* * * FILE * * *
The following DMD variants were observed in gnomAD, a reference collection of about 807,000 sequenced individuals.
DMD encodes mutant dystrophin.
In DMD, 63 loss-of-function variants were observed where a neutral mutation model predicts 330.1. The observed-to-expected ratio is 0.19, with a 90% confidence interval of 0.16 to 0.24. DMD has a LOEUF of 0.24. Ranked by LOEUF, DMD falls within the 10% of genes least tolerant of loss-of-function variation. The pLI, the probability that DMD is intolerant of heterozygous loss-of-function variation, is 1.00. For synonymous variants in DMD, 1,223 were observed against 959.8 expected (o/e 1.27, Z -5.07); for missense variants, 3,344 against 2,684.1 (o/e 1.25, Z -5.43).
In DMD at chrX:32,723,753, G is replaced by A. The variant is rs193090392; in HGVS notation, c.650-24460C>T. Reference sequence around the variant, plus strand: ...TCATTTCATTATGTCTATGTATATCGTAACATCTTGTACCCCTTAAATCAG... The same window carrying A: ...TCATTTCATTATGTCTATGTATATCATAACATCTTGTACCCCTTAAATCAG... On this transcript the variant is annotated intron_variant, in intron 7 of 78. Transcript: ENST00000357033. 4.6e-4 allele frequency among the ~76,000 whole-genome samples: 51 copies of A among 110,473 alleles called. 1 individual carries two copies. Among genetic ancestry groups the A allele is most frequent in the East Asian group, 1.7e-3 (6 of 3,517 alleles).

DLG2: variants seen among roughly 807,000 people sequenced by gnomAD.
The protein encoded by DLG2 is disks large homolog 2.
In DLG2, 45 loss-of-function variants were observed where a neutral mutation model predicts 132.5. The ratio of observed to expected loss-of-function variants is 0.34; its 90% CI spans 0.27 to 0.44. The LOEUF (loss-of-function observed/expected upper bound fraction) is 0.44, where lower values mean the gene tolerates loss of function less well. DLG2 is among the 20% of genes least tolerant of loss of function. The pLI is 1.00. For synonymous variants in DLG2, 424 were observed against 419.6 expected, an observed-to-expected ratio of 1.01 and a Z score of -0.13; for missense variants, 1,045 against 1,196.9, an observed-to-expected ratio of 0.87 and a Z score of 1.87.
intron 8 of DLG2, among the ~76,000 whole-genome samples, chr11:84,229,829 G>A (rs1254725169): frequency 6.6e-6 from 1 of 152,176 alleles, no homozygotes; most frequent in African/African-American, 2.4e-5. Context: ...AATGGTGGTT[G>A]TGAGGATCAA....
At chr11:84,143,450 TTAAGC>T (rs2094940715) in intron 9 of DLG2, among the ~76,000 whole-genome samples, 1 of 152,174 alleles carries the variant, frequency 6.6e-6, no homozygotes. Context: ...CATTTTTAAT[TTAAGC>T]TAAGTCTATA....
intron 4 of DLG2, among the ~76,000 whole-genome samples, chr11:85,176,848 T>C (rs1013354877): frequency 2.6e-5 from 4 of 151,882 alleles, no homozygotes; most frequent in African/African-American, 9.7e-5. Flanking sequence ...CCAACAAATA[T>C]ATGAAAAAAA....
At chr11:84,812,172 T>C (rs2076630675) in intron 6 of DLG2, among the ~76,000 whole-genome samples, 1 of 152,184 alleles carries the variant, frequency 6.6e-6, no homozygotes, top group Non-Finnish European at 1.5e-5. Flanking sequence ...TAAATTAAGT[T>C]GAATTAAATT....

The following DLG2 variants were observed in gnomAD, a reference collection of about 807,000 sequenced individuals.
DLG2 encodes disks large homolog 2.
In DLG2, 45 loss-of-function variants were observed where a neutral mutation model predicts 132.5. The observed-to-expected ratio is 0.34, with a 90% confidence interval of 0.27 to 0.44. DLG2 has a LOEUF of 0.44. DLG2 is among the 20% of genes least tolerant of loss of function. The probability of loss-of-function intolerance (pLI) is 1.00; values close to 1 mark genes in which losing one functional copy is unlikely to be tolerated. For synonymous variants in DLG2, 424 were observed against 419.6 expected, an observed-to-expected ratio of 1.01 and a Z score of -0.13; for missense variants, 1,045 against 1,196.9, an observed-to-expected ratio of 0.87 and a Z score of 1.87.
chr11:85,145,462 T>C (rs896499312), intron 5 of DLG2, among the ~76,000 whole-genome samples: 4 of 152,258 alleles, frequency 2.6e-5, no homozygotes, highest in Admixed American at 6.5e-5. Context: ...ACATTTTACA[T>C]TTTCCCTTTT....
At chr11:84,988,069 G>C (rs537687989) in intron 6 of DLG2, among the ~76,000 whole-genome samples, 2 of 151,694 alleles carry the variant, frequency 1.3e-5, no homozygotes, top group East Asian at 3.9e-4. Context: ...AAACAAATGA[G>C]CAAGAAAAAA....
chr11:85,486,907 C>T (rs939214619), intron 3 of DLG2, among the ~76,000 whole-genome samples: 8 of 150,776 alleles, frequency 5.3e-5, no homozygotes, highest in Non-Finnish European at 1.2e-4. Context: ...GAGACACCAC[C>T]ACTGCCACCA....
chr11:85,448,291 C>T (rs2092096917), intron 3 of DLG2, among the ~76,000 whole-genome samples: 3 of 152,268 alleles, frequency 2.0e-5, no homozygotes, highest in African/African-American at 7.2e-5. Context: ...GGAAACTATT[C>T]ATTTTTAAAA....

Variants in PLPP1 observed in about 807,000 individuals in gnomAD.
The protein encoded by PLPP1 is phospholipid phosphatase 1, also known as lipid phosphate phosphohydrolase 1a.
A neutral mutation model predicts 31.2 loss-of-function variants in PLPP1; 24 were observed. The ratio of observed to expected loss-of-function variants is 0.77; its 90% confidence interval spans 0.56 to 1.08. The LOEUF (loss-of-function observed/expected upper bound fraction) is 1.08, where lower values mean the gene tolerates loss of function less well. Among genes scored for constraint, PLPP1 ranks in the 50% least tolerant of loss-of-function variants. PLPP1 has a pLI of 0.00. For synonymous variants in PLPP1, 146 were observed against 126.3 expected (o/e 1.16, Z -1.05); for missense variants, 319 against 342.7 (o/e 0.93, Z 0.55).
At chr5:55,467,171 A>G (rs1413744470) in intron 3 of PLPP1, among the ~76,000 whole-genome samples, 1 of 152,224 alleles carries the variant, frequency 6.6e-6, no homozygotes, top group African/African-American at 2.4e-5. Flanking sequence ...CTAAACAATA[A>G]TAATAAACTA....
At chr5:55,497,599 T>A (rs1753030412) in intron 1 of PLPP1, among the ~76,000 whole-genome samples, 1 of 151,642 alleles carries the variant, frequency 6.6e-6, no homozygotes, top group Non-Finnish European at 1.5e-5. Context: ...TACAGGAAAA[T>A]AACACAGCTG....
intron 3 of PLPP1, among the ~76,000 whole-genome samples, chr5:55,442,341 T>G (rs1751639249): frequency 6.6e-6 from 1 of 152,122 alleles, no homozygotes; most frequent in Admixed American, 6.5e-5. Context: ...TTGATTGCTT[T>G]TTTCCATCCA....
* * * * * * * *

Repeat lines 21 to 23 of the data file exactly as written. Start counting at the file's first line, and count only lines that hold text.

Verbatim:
A neutral mutation model predicts 31.2 loss-of-function variants in PLPP1; 24 were observed. The ratio of observed to expected loss-of-function variants is 0.77; its 90% confidence interval spans 0.56 to 1.08. The LOEUF (loss-of-function observed/expected upper bound fraction) is 1.08, where lower values mean the gene tolerates loss of function less well. Among genes scored for constraint, PLPP1 ranks in the 50% least tolerant of loss-of-function variants. PLPP1 has a pLI of 0.00. For synonymous variants in PLPP1, 146 were observed against 126.3 expected (o/e 1.16, Z -1.05); for missense variants, 319 against 342.7 (o/e 0.93, Z 0.55).
At chr5:55,467,171 A>G (rs1413744470) in intron 3 of PLPP1, among the ~76,000 whole-genome samples, 1 of 152,224 alleles carries the variant, frequency 6.6e-6, no homozygotes, top group African/African-American at 2.4e-5. Flanking sequence ...CTAAACAATA[A>G]TAATAAACTA....
At chr5:55,497,599 T>A (rs1753030412) in intron 1 of PLPP1, among the ~76,000 whole-genome samples, 1 of 151,642 alleles carries the variant, frequency 6.6e-6, no homozygotes, top group Non-Finnish European at 1.5e-5. Context: ...TACAGGAAAA[T>A]AACACAGCTG....